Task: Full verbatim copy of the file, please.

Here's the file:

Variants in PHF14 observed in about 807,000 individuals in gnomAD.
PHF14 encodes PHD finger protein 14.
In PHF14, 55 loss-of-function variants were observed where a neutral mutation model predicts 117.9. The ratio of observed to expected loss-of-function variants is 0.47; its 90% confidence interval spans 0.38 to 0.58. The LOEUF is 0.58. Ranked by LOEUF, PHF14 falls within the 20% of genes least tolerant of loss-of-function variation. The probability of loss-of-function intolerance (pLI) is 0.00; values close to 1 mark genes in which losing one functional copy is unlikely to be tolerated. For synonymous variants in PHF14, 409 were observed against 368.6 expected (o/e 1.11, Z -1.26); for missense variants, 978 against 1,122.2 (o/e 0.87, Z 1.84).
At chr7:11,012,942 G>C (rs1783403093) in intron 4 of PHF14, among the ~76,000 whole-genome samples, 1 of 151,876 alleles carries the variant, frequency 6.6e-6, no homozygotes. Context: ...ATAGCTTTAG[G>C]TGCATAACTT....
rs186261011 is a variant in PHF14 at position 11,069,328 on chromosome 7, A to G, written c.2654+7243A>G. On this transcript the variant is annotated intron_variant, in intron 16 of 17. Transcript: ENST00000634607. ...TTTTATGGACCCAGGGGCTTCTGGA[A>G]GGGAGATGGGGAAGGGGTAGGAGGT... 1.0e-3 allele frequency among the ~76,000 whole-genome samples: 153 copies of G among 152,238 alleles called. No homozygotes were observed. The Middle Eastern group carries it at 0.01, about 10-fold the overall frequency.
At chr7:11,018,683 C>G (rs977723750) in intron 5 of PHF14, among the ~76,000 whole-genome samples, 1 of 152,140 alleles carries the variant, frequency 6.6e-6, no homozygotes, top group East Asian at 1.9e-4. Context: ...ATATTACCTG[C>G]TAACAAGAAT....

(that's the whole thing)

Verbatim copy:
Variants in PHF14 observed in about 807,000 individuals in gnomAD.
PHF14 encodes PHD finger protein 14.
In PHF14, 55 loss-of-function variants were observed where a neutral mutation model predicts 117.9. The ratio of observed to expected loss-of-function variants is 0.47; its 90% confidence interval spans 0.38 to 0.58. The LOEUF is 0.58. Ranked by LOEUF, PHF14 falls within the 20% of genes least tolerant of loss-of-function variation. The probability of loss-of-function intolerance (pLI) is 0.00; values close to 1 mark genes in which losing one functional copy is unlikely to be tolerated. For synonymous variants in PHF14, 409 were observed against 368.6 expected (o/e 1.11, Z -1.26); for missense variants, 978 against 1,122.2 (o/e 0.87, Z 1.84).
At chr7:11,012,942 G>C (rs1783403093) in intron 4 of PHF14, among the ~76,000 whole-genome samples, 1 of 151,876 alleles carries the variant, frequency 6.6e-6, no homozygotes. Context: ...ATAGCTTTAG[G>C]TGCATAACTT....
rs186261011 is a variant in PHF14 at position 11,069,328 on chromosome 7, A to G, written c.2654+7243A>G. On this transcript the variant is annotated intron_variant, in intron 16 of 17. Transcript: ENST00000634607. ...TTTTATGGACCCAGGGGCTTCTGGA[A>G]GGGAGATGGGGAAGGGGTAGGAGGT... 1.0e-3 allele frequency among the ~76,000 whole-genome samples: 153 copies of G among 152,238 alleles called. No homozygotes were observed. The Middle Eastern group carries it at 0.01, about 10-fold the overall frequency.
At chr7:11,018,683 C>G (rs977723750) in intron 5 of PHF14, among the ~76,000 whole-genome samples, 1 of 152,140 alleles carries the variant, frequency 6.6e-6, no homozygotes, top group East Asian at 1.9e-4. Context: ...ATATTACCTG[C>G]TAACAAGAAT....